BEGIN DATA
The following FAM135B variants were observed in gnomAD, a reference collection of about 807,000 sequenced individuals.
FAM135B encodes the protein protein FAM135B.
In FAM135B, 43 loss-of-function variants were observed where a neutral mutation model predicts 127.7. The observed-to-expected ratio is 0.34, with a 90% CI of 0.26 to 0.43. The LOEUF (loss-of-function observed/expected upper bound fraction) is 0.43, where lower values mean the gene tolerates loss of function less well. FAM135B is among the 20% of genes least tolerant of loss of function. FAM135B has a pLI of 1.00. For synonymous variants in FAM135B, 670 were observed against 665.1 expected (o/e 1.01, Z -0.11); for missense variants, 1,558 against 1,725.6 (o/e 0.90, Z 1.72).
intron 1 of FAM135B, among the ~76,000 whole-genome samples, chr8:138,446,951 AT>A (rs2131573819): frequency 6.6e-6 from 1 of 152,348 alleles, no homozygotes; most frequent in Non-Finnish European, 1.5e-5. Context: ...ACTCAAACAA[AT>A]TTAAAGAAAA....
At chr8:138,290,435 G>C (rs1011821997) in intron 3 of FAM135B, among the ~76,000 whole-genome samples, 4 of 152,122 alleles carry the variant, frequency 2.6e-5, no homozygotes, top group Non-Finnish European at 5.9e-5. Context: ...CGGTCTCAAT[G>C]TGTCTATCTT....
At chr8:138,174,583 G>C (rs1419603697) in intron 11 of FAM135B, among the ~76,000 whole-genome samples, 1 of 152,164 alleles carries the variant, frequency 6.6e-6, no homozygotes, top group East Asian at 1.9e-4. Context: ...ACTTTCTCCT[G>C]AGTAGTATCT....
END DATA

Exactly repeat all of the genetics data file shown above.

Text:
The following FAM135B variants were observed in gnomAD, a reference collection of about 807,000 sequenced individuals.
FAM135B encodes the protein protein FAM135B.
In FAM135B, 43 loss-of-function variants were observed where a neutral mutation model predicts 127.7. The observed-to-expected ratio is 0.34, with a 90% CI of 0.26 to 0.43. The LOEUF (loss-of-function observed/expected upper bound fraction) is 0.43, where lower values mean the gene tolerates loss of function less well. FAM135B is among the 20% of genes least tolerant of loss of function. FAM135B has a pLI of 1.00. For synonymous variants in FAM135B, 670 were observed against 665.1 expected (o/e 1.01, Z -0.11); for missense variants, 1,558 against 1,725.6 (o/e 0.90, Z 1.72).
intron 1 of FAM135B, among the ~76,000 whole-genome samples, chr8:138,446,951 AT>A (rs2131573819): frequency 6.6e-6 from 1 of 152,348 alleles, no homozygotes; most frequent in Non-Finnish European, 1.5e-5. Context: ...ACTCAAACAA[AT>A]TTAAAGAAAA....
At chr8:138,290,435 G>C (rs1011821997) in intron 3 of FAM135B, among the ~76,000 whole-genome samples, 4 of 152,122 alleles carry the variant, frequency 2.6e-5, no homozygotes, top group Non-Finnish European at 5.9e-5. Context: ...CGGTCTCAAT[G>C]TGTCTATCTT....
At chr8:138,174,583 G>C (rs1419603697) in intron 11 of FAM135B, among the ~76,000 whole-genome samples, 1 of 152,164 alleles carries the variant, frequency 6.6e-6, no homozygotes, top group East Asian at 1.9e-4. Context: ...ACTTTCTCCT[G>C]AGTAGTATCT....